Chris, your thoughts? What you want to see at NAB?
Chris: Well, cybersecurity's interesting. I don't know if I'll attend the session, because it's... I'm somewhat on the fence about how people approach security in general in computers.
Internet of Things, though, I will check out. The Internet of Things is scary because we don't have the wherewithal, the thinking, in our day-to-day lives to protect ourselves. We don't pay attention to these things. The idea of a refrigerator on the Internet is nice, but we don't get any guarantee that there's proper security there. We already know that the universal plug-and-play issues with routers still exist, and yet we still plug in and connect. Get more critical infrastructure, I panic. I don't know what the best way is to approach it, but I'm very cautious.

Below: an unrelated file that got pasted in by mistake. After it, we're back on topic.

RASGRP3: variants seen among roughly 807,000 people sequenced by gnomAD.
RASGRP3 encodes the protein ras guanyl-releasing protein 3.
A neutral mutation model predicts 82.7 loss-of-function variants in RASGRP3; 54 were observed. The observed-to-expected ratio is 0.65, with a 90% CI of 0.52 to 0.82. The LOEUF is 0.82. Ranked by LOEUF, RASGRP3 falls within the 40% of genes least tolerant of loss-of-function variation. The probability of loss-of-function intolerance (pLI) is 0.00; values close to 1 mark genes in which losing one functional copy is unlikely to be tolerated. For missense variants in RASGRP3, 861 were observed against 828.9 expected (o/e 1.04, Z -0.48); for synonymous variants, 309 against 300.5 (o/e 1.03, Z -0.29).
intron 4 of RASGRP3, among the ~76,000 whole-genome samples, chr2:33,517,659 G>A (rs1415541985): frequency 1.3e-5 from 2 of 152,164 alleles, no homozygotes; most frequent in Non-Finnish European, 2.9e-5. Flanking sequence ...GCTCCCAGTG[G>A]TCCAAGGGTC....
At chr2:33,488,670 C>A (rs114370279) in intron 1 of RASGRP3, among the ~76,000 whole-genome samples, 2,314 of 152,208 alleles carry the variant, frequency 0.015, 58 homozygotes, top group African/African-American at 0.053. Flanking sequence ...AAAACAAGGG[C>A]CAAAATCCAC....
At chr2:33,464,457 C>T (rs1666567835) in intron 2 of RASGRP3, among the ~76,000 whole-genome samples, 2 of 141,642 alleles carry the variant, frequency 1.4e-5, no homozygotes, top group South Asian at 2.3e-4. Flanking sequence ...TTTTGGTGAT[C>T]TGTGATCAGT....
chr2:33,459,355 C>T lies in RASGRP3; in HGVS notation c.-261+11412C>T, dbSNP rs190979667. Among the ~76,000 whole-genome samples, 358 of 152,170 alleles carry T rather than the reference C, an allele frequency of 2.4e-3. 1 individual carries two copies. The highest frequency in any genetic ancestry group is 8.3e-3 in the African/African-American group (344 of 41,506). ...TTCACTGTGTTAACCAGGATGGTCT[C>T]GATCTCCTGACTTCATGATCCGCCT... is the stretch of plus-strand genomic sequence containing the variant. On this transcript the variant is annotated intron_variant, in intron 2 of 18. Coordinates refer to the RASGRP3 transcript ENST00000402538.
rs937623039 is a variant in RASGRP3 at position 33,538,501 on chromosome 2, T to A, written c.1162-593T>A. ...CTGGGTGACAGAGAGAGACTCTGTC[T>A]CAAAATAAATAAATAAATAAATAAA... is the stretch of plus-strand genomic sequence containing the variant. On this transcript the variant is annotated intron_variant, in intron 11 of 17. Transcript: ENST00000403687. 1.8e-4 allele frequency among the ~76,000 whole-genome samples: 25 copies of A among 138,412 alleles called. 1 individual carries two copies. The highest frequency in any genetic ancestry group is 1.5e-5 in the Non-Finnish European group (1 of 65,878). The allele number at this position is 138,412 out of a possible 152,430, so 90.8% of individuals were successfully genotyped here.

In my home, the only thing that's connected to the internet are two computers, and both of them go through two different firewall approaches, and I've got all kinds of crazy stuff going on. Everything else is... that's it. It's old-fashioned. It's not connected to anything. You want the stove to work? You've got to go up to the stove and turn it on yourself.
Kirk: Yeah. Well, it's still that way at the Harnack house. And I don't know that I would ever need my stove connected. Although, come to think of it, my thermostats are accessible to... I'm not saying to anyone, but they're accessible to anyone with the right app and my password for my account to watch over those. You know, some nefarious person might try to freeze us out or burn us up.
But in a broadcast environment, where you might have all kinds of things, all kinds of Internet stuff, devices connected, hey, there could be malware installed in one of those hue light bulbs, right? Or as you mentioned, a router. You don't really know what's in a router unless you made the silicon yourself from your own sand, as some security experts would say. You don't know. So you just kind of have to trust what's there and go by reputation. But who knows?